West Cork's Collins may consider general election run after poll-topping performance

By Noel Baker

West Cork's Collins may consider general election run after poll-topping performance

By Noel Baker

West Cork poll-topper Michael Collins has signalled he will consider contesting the next general election after storming to victory as an Independent candidate.

With the results of the first count in West Cork expected shortly, the Schull-based farmer said he expected a general election to happen "soon", but demurred when asked if he would run.

According to tallies he will be elected to Cork County Council on the first count, more than 400 votes clear of the expected 2,900 quota.

"Speaking to people on the doorsteps, I knew they were coming with me," he said.

Campaigning on issues such as Single Farm Payment penalties and Leader funding cuts, Mr Collins said voters in West Cork had backed him comprehensively while also "sending a message" to the Government.

He said rural issues had been neglected and required a dedicated Minister at the Cabinet table, with the Government "totally out of touch with the people".

"The people of West Cork have spoken today and sent a very clear message out," he said.

Asked if it meant he would run for the Dail in two years time he said: "We'll see what happens," adding he would focus on delivering for the people of West Cork at local authority level.

"Personally, I think there will be an election [general election] soon," he said.

Update at 8.10pm: Labour TD Michael McCarthy has said it is "a given" that party leader Eamon Gilmore will move to a new department in a bid to shore up support ahead of the next general election.

With Labour facing a drubbing in the local and the European elections, pressure is growing on Minister Gilmore amid rumblings of a possible leadership change.

However, Deputy McCarthy said the party "should not hit the panic button" but did need to "heed the message" issued by voters.

"There should be no panic mode", the West Cork TD said at the count in Clonakilty. "There is no doubt that people are very annoyed. That is where the message hits home hardest and strongest. It is a very strong message that needs to be heeded."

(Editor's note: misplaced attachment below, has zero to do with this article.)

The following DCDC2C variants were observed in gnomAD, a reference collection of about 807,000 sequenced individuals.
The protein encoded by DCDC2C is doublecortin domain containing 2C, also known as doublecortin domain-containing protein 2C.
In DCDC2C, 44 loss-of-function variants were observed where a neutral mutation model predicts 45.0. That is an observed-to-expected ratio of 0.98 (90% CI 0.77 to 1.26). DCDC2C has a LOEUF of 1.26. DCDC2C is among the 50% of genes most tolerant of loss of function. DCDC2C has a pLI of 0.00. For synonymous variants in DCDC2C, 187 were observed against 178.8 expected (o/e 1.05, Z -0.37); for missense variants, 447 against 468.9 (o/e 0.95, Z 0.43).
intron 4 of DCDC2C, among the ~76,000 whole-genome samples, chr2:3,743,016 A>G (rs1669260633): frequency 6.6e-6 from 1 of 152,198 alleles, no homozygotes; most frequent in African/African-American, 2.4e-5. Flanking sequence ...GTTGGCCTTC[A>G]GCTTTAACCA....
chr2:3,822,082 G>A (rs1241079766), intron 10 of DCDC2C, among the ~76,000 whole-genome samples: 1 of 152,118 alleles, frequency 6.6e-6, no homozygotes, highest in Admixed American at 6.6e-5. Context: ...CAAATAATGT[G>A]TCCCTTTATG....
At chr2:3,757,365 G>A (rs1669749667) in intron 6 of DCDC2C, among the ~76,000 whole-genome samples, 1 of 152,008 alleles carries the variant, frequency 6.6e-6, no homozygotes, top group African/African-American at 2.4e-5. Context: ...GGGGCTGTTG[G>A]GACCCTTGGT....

Deputy McCarthy's sister, Norma Thomson, was the Labour candidate in West Cork in the local elections but is not in contention for a seat.

He said Labour should not pull out of government but said Labour was paying the price for issues such as the property tax and household charge - both of which he said were "handled badly".

He also said announcing details of the water charges shortly before announcing the polling date for the elections was "not the smartest thing".

On where the government goes from here he said: "There is a case for a fairly dramatic reshuffle."

He said Eamon Gilmore would be switching portfolio, as demanded by some backbenchers, and that issues to help "the squeezed middle" should now be at the core of government policy.

He also said free GP care for the under 5s would have helped, and said the USC needed to be relaxed at the next budget to help those "who qualify for nothing and pay for everything".

He also said the Christmas bonus for social welfare recipients could be reintroduced but denied it was a populist move, claiming it was simply "the right thing to do".

"There is room for us to reinvigorate ourselves and heed the warning given to us," he said.

He added that any shift to Sinn Féin and others at the next general election could lead the country back into "bailout territory".

Update @10pm:Michael Collins has been elected on the first count in West Cork with 3,409 first preferences, comfortably over the quota of 3,031.

Fine Gael's Noel O'Donovan received 2,534 votes, with Fianna Fáil's Joe Carroll in third on 2,035 votes.

Fianna Fáil candidates Christopher O'Sullivan and Patrick Murphy appear well placed with first count totals of 1,916 and 1,807, respectively, although things tighten up considerably after that, with fewer than 500 votes sepatating 10 candidates.

The West Cork division has right seats, down four from 2009. Among those looking unlikely to make the cut this time are outgoing Cllrs Donal O'Rourke of Fianna Fáil and Fine Gael's Dermot Sheehan. They received 1192 and 1,024 votes, respectively.

Above them are Sinn Féin's Paul Hayes, Fine Gael's John O'Sullivan, outgoing independent Cllr Declan Hurley and the Fine Gael pair of Mary Hegarty and Adrian Healy, as well as independent Finbarr Harrington.

It could prove to be a long night.

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From florist to fraudster, leaving a trail of destruction from North Cork, to Waterford, to Clare, to Wexford and through the midlands ... learn how mistress of re-invention, Catherine O'Brien, scammed her way around rural Ireland.

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